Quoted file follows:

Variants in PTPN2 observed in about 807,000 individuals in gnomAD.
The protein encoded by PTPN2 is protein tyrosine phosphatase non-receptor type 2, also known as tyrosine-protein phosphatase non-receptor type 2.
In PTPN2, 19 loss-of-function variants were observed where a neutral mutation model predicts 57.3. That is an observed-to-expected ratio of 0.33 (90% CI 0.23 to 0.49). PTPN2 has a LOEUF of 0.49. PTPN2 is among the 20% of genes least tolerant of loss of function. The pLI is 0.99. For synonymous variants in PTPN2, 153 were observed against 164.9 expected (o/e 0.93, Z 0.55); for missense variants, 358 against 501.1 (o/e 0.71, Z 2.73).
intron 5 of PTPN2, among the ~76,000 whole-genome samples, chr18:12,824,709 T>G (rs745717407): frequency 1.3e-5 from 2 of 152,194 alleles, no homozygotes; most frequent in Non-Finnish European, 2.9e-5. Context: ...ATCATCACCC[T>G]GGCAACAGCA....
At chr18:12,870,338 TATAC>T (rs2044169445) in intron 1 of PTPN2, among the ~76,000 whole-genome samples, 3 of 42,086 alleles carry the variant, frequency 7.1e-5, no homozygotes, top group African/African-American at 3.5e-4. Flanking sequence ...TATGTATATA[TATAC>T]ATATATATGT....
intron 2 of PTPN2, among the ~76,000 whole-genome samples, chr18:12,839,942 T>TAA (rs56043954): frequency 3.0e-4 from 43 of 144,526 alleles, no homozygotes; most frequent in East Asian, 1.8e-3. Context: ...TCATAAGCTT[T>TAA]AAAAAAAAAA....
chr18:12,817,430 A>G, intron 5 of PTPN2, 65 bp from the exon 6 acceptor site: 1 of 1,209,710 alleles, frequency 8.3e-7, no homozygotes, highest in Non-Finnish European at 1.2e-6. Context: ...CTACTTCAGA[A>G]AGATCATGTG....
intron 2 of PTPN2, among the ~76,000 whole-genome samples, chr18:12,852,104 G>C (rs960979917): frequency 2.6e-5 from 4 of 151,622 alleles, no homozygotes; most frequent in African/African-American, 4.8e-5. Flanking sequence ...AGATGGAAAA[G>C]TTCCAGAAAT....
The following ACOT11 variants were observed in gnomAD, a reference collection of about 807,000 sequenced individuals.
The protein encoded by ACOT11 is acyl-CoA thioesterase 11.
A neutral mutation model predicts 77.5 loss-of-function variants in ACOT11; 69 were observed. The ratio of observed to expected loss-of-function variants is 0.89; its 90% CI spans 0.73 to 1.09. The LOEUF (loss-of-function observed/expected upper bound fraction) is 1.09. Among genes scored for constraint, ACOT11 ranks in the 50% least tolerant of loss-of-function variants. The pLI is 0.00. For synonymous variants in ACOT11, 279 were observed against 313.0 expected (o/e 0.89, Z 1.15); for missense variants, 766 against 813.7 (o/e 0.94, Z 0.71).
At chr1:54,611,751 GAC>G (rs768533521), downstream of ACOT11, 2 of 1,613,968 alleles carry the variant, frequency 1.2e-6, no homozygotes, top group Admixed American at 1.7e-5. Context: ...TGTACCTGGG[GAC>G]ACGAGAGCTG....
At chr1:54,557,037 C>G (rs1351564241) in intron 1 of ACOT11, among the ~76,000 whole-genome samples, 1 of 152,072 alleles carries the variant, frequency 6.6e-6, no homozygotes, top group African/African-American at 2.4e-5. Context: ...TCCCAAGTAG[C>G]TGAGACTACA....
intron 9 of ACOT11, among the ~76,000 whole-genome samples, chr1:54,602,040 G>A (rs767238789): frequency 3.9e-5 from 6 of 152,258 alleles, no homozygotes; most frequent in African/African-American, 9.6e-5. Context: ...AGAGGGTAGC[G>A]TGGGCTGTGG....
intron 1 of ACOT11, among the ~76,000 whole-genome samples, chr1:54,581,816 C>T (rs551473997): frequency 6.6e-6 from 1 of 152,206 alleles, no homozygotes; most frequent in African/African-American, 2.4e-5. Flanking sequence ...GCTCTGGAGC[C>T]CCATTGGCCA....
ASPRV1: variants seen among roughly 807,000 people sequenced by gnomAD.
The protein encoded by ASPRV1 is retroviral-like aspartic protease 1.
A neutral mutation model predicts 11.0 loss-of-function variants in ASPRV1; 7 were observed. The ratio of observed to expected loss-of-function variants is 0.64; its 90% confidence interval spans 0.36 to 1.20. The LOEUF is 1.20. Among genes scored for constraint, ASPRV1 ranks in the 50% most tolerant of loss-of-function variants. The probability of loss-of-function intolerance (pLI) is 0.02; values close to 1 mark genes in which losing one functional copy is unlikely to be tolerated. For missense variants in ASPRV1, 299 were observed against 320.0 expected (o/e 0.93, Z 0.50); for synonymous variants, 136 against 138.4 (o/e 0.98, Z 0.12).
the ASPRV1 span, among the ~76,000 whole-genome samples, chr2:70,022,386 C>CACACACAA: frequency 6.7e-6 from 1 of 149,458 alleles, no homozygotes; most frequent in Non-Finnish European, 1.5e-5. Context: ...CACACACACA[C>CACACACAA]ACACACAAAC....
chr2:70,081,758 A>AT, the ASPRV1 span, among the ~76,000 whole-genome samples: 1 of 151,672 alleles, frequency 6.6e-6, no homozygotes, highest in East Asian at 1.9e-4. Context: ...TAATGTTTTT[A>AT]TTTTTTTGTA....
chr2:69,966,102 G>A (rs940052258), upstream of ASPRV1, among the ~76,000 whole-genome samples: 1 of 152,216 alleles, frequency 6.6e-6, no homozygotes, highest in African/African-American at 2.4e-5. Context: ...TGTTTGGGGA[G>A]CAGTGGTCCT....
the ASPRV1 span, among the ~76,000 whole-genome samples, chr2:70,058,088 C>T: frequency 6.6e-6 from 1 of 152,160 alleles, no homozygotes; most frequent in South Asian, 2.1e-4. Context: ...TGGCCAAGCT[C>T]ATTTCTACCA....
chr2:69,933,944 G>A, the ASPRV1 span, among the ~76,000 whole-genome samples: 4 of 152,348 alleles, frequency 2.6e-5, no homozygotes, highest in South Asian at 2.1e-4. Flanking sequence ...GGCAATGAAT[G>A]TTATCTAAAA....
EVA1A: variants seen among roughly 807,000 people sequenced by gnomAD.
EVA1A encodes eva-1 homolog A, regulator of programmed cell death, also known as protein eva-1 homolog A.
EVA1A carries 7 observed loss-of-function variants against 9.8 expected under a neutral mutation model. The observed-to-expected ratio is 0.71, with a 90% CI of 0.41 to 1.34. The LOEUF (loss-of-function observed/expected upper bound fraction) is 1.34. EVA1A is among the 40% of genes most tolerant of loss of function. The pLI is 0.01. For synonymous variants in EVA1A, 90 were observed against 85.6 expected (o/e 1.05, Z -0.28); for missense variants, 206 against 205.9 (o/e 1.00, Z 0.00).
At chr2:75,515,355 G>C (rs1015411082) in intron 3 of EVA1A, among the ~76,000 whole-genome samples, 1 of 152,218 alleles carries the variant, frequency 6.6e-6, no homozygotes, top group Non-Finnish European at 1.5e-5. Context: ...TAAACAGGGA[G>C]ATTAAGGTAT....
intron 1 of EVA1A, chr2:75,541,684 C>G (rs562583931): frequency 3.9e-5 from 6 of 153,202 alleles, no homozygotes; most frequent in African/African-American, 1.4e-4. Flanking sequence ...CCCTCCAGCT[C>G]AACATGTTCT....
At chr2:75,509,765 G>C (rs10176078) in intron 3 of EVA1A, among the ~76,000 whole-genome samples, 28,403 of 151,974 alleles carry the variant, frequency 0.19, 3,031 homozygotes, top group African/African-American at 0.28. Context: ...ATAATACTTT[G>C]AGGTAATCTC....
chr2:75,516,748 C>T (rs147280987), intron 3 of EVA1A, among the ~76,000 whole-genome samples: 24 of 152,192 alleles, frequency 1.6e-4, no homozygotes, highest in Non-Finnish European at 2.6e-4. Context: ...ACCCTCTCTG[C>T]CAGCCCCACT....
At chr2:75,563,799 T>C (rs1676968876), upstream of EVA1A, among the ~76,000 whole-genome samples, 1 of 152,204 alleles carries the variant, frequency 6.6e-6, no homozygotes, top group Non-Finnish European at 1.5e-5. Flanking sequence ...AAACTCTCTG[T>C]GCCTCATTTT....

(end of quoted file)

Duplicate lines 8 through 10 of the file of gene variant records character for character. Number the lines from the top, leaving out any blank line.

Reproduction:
intron 2 of PTPN2, among the ~76,000 whole-genome samples, chr18:12,852,104 G>C (rs960979917): frequency 2.6e-5 from 4 of 151,622 alleles, no homozygotes; most frequent in African/African-American, 4.8e-5. Flanking sequence ...AGATGGAAAA[G>C]TTCCAGAAAT....
The following ACOT11 variants were observed in gnomAD, a reference collection of about 807,000 sequenced individuals.
The protein encoded by ACOT11 is acyl-CoA thioesterase 11.